Preventing Ice Contamination with Safe Practices

Reading Time: 5 minutes Ice Safety

Ice contamination

The FDA defines ice as a food, but does it have the potential to spread foodborne illness the same way as a cut of steak would? Ice contamination is a real thing, and it can make customers very sick if you’re not following proper guidelines.

Let’s discuss the types of foodborne illnesses that can spread in an ice machine and how to protect your employees and customer base.

What Types of Germs can Live on Ice?

Ice doesn’t attract germs the same way food does. The surface of an ice cube is cold. It doesn’t have enough organic material for germs, such as bacteria and viruses, to grow. Still, ice can carry germs if they are introduced to the ice supply from a user or dirty utensils.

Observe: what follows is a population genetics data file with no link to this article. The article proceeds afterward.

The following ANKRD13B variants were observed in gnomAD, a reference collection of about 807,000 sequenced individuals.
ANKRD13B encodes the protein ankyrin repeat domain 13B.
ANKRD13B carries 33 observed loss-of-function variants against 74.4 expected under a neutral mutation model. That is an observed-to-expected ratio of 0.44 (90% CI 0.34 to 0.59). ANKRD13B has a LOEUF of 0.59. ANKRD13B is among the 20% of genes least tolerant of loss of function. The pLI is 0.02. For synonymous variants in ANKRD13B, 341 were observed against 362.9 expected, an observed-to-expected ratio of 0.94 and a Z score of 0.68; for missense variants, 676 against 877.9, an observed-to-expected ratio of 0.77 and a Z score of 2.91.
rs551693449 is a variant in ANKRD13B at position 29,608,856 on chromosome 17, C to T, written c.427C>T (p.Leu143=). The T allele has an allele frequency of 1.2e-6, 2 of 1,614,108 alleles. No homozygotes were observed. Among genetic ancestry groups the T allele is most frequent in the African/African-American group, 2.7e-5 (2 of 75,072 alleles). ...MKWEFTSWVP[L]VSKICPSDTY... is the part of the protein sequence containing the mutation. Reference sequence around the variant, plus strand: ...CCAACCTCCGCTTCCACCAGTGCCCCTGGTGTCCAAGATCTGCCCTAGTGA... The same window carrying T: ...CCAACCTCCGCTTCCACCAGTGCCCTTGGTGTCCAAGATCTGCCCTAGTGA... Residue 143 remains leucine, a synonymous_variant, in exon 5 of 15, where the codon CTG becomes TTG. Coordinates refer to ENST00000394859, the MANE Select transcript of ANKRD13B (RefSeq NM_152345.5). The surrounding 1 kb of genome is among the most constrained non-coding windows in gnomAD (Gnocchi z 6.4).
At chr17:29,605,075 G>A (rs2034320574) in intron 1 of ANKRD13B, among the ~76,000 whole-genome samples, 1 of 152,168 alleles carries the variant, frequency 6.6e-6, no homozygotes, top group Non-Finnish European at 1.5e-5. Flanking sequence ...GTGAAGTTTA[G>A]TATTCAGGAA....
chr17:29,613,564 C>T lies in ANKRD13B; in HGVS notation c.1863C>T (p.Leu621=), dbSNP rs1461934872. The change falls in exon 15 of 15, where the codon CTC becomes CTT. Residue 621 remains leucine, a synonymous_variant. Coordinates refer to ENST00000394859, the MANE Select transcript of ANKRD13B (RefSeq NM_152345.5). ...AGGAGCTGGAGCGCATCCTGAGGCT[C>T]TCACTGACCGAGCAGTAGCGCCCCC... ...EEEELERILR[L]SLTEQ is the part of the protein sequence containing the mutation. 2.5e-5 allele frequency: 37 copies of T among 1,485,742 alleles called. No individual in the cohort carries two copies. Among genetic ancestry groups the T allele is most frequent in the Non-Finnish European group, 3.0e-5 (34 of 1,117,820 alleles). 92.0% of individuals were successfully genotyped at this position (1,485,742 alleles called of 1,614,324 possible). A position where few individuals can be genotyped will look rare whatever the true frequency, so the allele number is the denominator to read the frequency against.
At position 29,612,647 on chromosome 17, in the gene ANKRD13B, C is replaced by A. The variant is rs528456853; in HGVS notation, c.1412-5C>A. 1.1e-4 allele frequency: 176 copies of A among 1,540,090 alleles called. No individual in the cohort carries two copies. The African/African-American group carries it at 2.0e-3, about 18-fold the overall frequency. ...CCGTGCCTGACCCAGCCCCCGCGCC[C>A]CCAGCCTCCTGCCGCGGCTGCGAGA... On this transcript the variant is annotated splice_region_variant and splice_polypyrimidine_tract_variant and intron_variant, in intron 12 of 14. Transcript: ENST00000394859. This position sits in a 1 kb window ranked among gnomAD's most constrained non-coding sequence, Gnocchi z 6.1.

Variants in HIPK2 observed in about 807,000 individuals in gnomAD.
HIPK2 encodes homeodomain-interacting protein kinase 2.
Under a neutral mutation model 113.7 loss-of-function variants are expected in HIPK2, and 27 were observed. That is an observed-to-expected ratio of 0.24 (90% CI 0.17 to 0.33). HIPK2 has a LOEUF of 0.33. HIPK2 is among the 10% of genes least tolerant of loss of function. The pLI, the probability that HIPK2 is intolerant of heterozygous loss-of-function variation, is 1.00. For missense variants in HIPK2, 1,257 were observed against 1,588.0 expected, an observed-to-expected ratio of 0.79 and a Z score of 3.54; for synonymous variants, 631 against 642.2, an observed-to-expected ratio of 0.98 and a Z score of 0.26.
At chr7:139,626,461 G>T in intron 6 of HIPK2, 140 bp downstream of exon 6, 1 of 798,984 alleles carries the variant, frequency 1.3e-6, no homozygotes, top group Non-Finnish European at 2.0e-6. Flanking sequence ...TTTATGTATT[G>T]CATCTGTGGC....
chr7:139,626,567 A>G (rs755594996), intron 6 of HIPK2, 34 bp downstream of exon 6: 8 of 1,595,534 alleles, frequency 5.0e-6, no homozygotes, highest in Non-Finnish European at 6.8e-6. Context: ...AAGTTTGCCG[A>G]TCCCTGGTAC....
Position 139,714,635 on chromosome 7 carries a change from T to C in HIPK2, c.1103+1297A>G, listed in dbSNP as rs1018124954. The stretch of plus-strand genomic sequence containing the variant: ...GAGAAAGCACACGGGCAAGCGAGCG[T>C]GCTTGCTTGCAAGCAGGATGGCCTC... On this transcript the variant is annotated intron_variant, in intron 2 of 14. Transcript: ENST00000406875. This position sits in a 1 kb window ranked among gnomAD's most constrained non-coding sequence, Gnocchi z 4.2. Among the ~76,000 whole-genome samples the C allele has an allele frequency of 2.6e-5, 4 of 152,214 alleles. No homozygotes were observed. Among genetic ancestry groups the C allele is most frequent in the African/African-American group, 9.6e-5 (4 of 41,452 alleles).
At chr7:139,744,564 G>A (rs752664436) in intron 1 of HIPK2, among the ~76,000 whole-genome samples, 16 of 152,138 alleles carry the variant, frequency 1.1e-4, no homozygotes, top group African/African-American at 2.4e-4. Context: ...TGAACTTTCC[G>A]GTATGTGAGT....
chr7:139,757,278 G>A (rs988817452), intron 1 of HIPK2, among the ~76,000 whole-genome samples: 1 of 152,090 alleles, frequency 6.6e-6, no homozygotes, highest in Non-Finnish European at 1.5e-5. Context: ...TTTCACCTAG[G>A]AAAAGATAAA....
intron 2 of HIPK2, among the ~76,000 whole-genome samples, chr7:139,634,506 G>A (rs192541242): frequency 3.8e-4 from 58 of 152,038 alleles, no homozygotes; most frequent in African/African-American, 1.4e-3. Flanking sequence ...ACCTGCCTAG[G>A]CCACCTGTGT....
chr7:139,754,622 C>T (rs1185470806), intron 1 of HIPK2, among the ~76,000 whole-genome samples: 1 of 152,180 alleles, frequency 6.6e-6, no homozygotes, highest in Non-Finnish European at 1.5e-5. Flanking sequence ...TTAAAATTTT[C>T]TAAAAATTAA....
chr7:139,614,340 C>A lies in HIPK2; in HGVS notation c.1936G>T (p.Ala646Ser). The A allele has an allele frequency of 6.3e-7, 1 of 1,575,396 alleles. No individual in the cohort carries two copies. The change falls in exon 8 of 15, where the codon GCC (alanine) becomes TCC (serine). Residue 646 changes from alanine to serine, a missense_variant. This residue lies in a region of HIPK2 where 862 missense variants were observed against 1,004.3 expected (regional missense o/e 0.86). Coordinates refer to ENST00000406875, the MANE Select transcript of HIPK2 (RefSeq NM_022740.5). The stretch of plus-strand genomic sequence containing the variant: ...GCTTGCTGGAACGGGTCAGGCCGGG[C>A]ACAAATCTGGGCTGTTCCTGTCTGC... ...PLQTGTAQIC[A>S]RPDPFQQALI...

There are some very common germs in the food industry that can hitch a ride on an ice cube and end up making someone sick.

Norovirus and E. coli are two foodborne illnesses that routinely plague the food industry. Both are commonly spread when food handlers don’t properly wash their hands before handling food. Especially after using the restroom.

Other diseases, such as Hepatitis A and Legionella, are far rarer. For example, Legionella is a waterborne pathogen that infects about 20,000 people a year worldwide. It grows in warmer water climates above 70 degrees and transmits through inhalation. While getting Legionella from an ice cube is very rare, it can happen. People have gotten sick from choking on an ice cube with Legionella in it.

How to Prevent Ice Contamination

The best way to prevent food contamination is a combination of proper ice handling procedures and routine cleaning and maintenance. Since people are the number one cause of ice contamination, proper hygiene and safe practices are key. Knowing how to clean your ice machine is helpful in eliminating any germs that may have been transmitted to the ice machine.

Ice Handling

Since ice contamination starts with the user, you need to make sure your employees are handling the ice properly.